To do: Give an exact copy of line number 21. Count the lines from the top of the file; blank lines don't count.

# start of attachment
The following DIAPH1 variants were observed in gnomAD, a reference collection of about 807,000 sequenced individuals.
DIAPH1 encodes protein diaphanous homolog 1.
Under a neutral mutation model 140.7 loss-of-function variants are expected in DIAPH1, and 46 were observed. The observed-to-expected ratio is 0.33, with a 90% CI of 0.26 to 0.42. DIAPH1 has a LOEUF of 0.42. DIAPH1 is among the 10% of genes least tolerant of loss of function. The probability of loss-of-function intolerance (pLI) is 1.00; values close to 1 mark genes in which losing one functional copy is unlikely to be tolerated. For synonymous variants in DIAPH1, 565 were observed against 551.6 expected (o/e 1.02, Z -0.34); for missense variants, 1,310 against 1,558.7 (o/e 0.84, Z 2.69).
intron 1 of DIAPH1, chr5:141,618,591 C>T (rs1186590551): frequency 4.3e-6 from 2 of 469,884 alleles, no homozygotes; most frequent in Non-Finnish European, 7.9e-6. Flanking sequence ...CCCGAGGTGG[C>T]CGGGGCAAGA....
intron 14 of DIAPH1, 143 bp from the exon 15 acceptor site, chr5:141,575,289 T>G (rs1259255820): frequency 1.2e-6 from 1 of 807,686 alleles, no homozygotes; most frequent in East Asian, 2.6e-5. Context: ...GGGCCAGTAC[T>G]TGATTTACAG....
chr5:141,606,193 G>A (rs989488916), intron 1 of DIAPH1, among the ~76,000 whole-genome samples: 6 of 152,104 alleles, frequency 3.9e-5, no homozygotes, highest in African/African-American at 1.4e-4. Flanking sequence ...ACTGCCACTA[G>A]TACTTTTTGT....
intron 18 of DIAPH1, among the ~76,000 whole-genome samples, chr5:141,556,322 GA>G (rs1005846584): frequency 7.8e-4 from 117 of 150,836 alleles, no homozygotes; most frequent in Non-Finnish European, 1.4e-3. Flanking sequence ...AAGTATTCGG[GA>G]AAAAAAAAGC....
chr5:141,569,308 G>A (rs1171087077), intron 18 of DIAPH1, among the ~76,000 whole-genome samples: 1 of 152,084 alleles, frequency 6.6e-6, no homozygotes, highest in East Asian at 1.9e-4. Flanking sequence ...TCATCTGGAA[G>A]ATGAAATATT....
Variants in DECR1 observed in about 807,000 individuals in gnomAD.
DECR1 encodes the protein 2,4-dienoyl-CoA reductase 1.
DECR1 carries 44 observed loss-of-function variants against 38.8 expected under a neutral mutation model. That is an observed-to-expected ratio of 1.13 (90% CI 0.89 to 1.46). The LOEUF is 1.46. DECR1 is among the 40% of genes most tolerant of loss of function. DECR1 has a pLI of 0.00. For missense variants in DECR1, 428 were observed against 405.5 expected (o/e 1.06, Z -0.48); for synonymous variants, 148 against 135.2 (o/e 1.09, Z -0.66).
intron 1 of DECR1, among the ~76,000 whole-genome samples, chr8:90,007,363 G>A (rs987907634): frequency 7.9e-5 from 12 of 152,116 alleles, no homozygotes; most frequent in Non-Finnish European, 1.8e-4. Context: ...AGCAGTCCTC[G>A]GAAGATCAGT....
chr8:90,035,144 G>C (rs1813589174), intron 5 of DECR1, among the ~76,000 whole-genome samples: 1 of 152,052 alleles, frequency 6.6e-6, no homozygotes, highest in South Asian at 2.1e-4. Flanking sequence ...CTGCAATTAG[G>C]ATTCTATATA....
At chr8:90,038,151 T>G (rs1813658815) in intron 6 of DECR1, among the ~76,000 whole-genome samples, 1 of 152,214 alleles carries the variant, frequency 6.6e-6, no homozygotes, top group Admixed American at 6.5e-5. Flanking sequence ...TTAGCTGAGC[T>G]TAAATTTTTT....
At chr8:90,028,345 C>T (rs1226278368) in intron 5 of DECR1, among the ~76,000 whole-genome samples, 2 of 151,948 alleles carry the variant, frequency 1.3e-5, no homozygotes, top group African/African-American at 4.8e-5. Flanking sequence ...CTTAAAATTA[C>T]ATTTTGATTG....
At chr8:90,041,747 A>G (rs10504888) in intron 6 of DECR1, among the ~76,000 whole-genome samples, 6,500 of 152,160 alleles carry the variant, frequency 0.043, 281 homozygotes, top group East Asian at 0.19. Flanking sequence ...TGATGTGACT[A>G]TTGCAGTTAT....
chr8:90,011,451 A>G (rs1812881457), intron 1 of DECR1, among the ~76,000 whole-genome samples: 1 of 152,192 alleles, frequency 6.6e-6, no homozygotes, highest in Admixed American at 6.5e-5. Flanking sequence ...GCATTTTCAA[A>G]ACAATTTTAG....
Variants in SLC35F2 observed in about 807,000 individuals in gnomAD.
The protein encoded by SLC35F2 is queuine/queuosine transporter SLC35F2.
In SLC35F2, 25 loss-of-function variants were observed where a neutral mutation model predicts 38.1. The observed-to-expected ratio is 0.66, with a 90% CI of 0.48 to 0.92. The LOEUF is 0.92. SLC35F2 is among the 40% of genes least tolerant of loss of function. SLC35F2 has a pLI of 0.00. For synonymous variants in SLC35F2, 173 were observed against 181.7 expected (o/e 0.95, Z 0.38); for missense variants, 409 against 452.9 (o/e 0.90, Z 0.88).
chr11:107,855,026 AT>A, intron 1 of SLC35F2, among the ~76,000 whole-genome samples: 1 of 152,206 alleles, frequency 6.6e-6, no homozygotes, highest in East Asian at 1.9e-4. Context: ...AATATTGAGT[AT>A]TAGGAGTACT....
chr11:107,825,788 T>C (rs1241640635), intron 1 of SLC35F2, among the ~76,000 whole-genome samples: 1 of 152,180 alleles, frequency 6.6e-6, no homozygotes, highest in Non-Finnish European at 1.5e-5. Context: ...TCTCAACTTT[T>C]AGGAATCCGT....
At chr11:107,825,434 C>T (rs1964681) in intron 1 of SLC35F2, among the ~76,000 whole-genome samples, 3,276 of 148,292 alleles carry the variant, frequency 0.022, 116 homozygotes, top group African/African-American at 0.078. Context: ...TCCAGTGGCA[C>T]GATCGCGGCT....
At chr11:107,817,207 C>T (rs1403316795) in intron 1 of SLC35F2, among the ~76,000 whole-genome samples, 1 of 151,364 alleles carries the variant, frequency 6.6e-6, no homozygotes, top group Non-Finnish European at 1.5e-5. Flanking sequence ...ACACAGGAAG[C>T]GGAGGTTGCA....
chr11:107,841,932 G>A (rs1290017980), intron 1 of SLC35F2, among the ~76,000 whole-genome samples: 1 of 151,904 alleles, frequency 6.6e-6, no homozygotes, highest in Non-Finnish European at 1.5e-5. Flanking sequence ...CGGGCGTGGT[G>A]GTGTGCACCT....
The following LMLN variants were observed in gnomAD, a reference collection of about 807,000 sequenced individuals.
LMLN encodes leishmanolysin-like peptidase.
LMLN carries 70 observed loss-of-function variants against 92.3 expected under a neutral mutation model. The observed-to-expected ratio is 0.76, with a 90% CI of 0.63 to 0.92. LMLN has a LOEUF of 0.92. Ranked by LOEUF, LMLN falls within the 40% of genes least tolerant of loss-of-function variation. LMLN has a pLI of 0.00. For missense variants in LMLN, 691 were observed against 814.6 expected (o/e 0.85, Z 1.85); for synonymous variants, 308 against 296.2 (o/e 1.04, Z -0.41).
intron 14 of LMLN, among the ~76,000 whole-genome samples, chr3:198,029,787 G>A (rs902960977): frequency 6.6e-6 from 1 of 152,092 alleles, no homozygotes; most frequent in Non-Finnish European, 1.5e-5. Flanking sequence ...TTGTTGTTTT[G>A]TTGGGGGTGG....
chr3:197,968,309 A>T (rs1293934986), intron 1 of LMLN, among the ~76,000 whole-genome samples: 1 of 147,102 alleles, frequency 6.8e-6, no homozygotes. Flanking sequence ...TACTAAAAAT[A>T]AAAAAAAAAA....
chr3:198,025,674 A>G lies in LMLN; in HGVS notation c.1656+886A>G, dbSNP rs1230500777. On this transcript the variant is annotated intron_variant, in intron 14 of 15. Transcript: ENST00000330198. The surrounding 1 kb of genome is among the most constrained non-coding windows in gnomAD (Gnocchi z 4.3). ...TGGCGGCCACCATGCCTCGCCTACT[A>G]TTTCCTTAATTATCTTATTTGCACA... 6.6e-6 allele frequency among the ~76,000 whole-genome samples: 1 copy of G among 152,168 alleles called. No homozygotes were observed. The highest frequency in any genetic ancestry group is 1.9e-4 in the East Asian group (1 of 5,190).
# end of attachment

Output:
chr11:107,855,026 AT>A, intron 1 of SLC35F2, among the ~76,000 whole-genome samples: 1 of 152,206 alleles, frequency 6.6e-6, no homozygotes, highest in East Asian at 1.9e-4. Context: ...AATATTGAGT[AT>A]TAGGAGTACT....